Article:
Note on the e-text: this Renascence Editions text was provided by Ben R. Schneider, Lawrence University, Wisconsin. It is in the public domain. "Florio's Translation of Montaigne's Essays was first published in 1603. In 'The World's Classics' the first volume was published in 1904, and reprinted in 1910 and 1924." Content unique to this presentation is copyright © 1998 The University of Oregon. For nonprofit and educational uses only.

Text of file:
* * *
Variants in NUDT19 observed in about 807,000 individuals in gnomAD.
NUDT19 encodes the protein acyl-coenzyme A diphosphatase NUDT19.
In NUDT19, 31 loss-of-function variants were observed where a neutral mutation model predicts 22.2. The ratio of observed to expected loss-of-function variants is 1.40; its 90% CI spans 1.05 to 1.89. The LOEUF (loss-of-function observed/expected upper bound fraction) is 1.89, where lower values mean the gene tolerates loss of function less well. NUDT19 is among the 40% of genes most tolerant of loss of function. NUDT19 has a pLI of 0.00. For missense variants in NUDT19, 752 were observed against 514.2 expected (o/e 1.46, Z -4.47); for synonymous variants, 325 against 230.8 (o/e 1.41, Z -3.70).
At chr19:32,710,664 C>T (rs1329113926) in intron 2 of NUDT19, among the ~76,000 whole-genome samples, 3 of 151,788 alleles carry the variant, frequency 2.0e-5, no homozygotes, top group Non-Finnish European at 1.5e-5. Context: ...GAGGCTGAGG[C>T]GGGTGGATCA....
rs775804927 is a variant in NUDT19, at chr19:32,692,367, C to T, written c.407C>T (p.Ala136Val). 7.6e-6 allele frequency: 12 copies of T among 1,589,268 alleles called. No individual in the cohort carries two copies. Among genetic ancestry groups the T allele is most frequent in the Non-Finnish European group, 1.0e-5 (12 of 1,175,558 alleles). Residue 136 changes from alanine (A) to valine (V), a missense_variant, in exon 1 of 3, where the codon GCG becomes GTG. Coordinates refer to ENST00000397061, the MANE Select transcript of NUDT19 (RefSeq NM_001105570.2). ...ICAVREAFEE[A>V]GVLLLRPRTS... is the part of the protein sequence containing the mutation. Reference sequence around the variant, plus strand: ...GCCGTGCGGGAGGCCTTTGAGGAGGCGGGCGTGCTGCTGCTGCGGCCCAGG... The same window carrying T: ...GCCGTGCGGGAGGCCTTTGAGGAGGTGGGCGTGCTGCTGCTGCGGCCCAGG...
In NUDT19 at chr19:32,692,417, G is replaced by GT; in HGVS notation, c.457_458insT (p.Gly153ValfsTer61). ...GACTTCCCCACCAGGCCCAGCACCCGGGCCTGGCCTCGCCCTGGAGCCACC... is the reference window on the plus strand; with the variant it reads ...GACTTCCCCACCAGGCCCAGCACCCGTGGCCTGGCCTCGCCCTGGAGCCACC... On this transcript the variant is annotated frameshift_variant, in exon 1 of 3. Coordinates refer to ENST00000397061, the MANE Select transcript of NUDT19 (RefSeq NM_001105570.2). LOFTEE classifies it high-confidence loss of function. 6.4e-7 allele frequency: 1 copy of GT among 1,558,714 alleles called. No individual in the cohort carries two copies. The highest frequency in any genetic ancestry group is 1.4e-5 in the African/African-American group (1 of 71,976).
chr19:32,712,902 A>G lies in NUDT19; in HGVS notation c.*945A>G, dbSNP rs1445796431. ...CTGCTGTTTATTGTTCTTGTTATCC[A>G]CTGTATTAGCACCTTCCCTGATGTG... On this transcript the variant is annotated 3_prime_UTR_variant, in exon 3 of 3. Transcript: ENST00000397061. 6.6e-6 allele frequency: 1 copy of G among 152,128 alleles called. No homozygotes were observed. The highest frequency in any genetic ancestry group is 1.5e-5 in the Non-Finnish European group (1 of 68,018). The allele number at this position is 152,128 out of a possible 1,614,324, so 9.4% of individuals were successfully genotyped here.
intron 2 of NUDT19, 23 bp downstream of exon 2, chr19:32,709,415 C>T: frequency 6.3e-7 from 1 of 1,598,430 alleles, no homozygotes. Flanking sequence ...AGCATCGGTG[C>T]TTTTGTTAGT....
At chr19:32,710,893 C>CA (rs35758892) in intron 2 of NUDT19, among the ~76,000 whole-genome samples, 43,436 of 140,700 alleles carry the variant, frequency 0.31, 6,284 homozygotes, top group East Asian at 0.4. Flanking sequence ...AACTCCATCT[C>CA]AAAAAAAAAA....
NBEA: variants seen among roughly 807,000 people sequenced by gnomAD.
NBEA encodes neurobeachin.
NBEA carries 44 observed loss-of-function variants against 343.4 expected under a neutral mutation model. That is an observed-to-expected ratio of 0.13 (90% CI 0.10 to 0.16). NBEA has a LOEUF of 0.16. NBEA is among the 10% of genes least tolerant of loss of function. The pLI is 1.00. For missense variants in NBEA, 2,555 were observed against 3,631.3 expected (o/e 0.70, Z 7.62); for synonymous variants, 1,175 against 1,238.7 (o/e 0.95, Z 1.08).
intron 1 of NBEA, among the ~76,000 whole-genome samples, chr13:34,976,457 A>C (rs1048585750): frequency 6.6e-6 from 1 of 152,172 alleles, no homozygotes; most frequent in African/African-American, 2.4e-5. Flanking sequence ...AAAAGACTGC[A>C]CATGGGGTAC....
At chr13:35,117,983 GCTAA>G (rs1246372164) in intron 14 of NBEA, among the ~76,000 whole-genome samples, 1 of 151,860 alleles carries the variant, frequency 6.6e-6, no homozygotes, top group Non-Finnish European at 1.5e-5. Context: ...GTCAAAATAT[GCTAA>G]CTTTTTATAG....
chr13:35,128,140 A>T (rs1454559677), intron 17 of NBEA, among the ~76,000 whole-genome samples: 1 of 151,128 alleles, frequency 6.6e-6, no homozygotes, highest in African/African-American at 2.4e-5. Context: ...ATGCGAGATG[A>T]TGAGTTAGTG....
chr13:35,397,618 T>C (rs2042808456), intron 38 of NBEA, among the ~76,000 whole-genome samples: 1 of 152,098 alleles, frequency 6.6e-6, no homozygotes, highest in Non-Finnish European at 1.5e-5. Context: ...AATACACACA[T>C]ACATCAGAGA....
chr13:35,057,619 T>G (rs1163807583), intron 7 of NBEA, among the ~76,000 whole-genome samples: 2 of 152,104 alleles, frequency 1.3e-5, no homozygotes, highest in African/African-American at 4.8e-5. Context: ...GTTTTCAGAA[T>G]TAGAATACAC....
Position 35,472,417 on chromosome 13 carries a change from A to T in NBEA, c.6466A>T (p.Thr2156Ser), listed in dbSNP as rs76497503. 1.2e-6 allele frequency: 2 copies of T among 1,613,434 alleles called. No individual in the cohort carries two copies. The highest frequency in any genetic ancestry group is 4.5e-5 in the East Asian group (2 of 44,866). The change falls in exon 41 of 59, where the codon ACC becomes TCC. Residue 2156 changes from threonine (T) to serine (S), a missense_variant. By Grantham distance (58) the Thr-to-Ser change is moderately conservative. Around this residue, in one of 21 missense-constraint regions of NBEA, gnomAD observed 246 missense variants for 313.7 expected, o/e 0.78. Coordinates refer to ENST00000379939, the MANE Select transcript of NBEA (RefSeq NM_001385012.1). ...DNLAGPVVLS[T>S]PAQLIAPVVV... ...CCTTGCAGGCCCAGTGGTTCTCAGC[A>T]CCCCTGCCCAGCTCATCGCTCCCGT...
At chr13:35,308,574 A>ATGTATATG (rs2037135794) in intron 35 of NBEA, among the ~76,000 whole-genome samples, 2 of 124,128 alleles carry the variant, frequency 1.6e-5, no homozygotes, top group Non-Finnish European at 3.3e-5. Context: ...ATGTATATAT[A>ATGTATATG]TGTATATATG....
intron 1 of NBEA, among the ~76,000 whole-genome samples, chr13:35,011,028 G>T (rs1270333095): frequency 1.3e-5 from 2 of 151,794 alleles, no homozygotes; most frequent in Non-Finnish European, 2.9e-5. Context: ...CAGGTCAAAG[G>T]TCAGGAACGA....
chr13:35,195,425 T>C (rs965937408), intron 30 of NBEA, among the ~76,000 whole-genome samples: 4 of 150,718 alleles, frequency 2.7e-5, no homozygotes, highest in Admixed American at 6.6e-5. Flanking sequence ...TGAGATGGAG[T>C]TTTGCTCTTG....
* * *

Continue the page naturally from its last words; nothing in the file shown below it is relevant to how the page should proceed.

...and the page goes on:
T is a vitious, fond, fashion of the Nobility and Gentry of our age, and full of nice-tendernesse, never to betake themselves to armes, except upon some urgent and extreme necessitie: and to quit them as soone as they perceive the least hope or apparence that the danger is past; Whence ensue many disorders, and inconveniences: For, every one running and calling for his armes when the alarum is given, some have not yet buckled their cuirace when their fellowes are already defeated. Indeed our forefathers would have their Caske, Lance, Gantlets, and Shields carried, but so long as the service lasted, themselves would never leave-off their other peeces. Our troopes are now all confounded and disordered, by reason of bag and baggage, of carriages of lackies, and foot-boies, wh ich because of their masters armes they carry, can never leave them. Titus Livius, speaking of the French, saith, Intolerantissima laboris corpora vix arma humeris gerebant (LIV. Dec. i. 10.). 'Their bodies most impatient of labour could hardly beare armour on their backes.' Divers Nations, as they did in former times, so yet at this day, are seene to goe to the warres, without any thing about them, or if they had, it was of no defence; but were all naked and bare.Tegmina quas capitum raptus de suber e cortex. -- VIR. Æn. 1. 742.Alexander, the most daring and hazardous Captain that ever was, did very seldome arme himselfe: And those which amongst us neglect them, doe not thereby much empaire their reputation. If any man chance to be slaine for want of an armour, there are as many more that miscarry with the over-heavy burthen of their armes, and by them are engaged, and by a counterbutte are brused, or otherwise defeated. For in truth to see the unweildy weight of our and their thicknesse, it seemeth we but endevour to defend our selves, and we are rather charged than covered by them. We have enough to doe to endure the burthen of them, and are so engived and shackled in them, as if we were to fight but with the shocke or brunt of our armes, and as if we were as much bound to defend them as they to shield us. Cornelius Tacitus doth pleasantly quip and jest at the men of war of our ancient Gaules, so armed, only to maintaine themselves, as they that have no meane either to offend or to be offended, or to raise themselves being overthrowne. Lucullus seeing certaine Median men at armes, which were in the front of Tigranes Army, heavily and unweildily armed, as in an iron prison, apprehended thereby an opinion that he might easily defeat them, and began to charge them first, and got the victory. And now that our Muskettiers, are in such credit, I thinke we shall have some invention found to immure us up, that so we may be warranted from them, and to traine us to the warres in Skonces and Bastions, as those which our fathers caused to be carried by Elephants. A humour farre different from that of Scipio the younger, who sharply reprooved his souldiers because they had scattered certaine Calthropes under the water alongst a dike, by which those of the Towne that he had besieged might sally out upon him, saying, that those which assailed should resolve to enterprise and not to feare: And had some reason to feare that this provision might secure and lull their vigilancy asleepe to guard themselves. Moreover he said to a young man, that shewed him a faire shield he had, 'Indeed good youth, it is a faire one; but a Roman souldier ought to have more confidence in his right hand than in his left.' It is onely custome that makes the burthen of our armes intolerable unto us.